Indonesia palm oil traders are failing land and environmental defenders
Our new investigation uncovers how two major US commodity traders – ADM and Bunge – are failing to ensure that the hundreds of Indonesian palm oil mills they source from in Indonesia are free from abuse against land and environmental defenders.
This failure to identify and prevent human rights abuses and conflict in their supply chains means that consumers may unknowingly be buying conflict-tainted palm oil in products shipped around the globe from some of the world’s biggest brands such as Nestlé and Unilever.
ADM and Bunge are failing to ensure compliance with national laws and international standards, as well as their own policies.
Nearly 40% of the sampled mills supplying both ADM and Bunge have, according to credible reports, been accused of violating local community land rights, criminalising or attacking defenders, and/or causing serious environmental degradation
The majority of these allegations have occurred in the past five years, and 17% of the mills had active and ongoing conflicts in 2019 and 2020. Nine of these disputes had been going on for a decade or more and were the subject of multiple media reports.
Local communities accused 26% of the mills in our reviewed sample of having seized community-owned land. In eight of these cases it was explicitly reported that the community had been evicted from their lands, though the true number of unreported evictions may be higher.
Violent confrontations between mill or state-security forces and communities were reported for conflicts involving 13 mills, usually resulting from a long-standing land dispute.
ADM and Bunge failed to mitigate, investigate or remedy the impacts of their suppliers’ operations on land and environmental defenders.
Palm oil's links to environmental and human rights abuses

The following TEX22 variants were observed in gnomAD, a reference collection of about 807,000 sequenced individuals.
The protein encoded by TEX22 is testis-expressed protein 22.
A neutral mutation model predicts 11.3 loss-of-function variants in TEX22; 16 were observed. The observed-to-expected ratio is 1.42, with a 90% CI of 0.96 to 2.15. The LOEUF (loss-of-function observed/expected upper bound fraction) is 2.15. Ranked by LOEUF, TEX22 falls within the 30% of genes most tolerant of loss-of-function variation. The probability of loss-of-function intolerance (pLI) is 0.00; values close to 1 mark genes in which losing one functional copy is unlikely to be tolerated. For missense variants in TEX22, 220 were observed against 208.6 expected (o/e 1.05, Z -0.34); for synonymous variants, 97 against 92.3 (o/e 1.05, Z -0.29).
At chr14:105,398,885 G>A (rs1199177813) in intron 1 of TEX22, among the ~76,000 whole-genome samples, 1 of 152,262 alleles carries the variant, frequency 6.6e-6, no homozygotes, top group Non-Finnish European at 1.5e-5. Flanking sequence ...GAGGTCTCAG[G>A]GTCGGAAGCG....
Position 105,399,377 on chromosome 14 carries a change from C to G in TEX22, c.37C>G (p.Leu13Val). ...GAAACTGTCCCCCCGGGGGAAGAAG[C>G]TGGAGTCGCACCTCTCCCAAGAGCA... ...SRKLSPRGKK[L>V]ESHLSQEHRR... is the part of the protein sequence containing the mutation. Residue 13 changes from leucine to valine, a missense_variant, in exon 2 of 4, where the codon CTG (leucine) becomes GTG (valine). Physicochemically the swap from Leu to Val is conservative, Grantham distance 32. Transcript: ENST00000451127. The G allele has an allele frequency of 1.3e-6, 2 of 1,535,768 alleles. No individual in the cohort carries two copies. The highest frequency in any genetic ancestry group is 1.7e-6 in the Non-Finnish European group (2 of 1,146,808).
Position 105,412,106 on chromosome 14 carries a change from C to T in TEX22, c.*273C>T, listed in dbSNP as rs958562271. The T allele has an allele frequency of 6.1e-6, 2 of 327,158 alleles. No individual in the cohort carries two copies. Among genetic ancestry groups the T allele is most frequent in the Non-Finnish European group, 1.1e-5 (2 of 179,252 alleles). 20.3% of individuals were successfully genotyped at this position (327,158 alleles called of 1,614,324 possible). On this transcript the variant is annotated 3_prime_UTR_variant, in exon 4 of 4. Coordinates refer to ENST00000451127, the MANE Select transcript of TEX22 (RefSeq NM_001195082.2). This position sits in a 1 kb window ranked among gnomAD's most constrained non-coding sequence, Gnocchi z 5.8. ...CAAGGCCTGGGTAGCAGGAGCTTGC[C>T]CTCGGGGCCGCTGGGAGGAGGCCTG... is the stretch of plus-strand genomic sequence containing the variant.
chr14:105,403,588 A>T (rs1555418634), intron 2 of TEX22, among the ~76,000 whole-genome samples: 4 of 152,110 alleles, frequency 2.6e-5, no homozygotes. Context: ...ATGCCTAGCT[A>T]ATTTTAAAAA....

Palm oil is big business in Indonesia. It is the country’s most valuable agricultural export, and Indonesia is the largest palm oil exporter in the world. But the industry has historically been tainted by abuse, from deforestation to pollution and violations of community rights.
Land and environmental defenders – those communities and individuals that take a stand against the unjust, discriminatory, corrupt or damaging exploitation of natural resources and the environment – have often faced violent reprisals for their work in opposing palm oil expansion.
Indonesia is one of the deadliest countries in Southeast Asia for land and environmental defenders, with at least 12 defenders killed there since 2015.
Under international standards, global agribusiness companies have a clear responsibility to monitor and address the human rights and land rights abuses in their supply chains. Yet our investigation shows that neither ADM nor Bunge have sufficient checks or mitigation processes in place to ensure the mills they source from are free from these harmful impacts on local communities.
ADM rejected Global Witness’ evidence base and our analysis of their due-diligence process. However, ADM investigated all mills identified in this report as linked to land and human rights abuses. ADM replied to Global Witness that it would be monitoring 9 mills identified in our report, and continuing investigations on a further 36 mills. It closed investigations or otherwise declined to investigate the remaining mills.
Bunge acknowledged that the alleged incidents were in Bunge’s indirect supply and reiterated that the company includes credible instances of human rights violations in its grievance list for engagement.
Both traders have palm oil supply chain links to major global buyers, ultimately implicating some of the world’s biggest brands such as Nestlé and Unilever, among others, in these abuses.
ADM and Bunge should:
Adopt a public policy position on human rights defenders that includes a zero-tolerance stance on threats and violence against defenders, with the explicit inclusion of those at highest risk, namely land and environmental defenders.
Adopt a public policy position on the prevention of land rights abuses across their supply chains, including a zero-tolerance stance on illegal land acquisition, and to ensure the right of free, prior and informed consent (FPIC) for affected communities.
Adopt and implement effective systems to implement these policies throughout their supply chains and operations and publicly disclose measures used to identify and address risks faced by defenders.
Ensure effective mitigation and remedy processes are developed and implemented for where adverse impacts are identified.
Champion land and environmental defender issues with governments, including the Indonesian government, using their commercial and political leverage to press for greater respect for defender rights.
The Indonesian government should:
Respect, protect and fulfil the rights of human rights defenders in line with the UN Declaration on Human Rights Defenders, and investigate and prosecute perpetrators of violations against them, including the intellectual authors of these crimes.
Strengthen the recognition and protection of indigenous territorial and customary rights.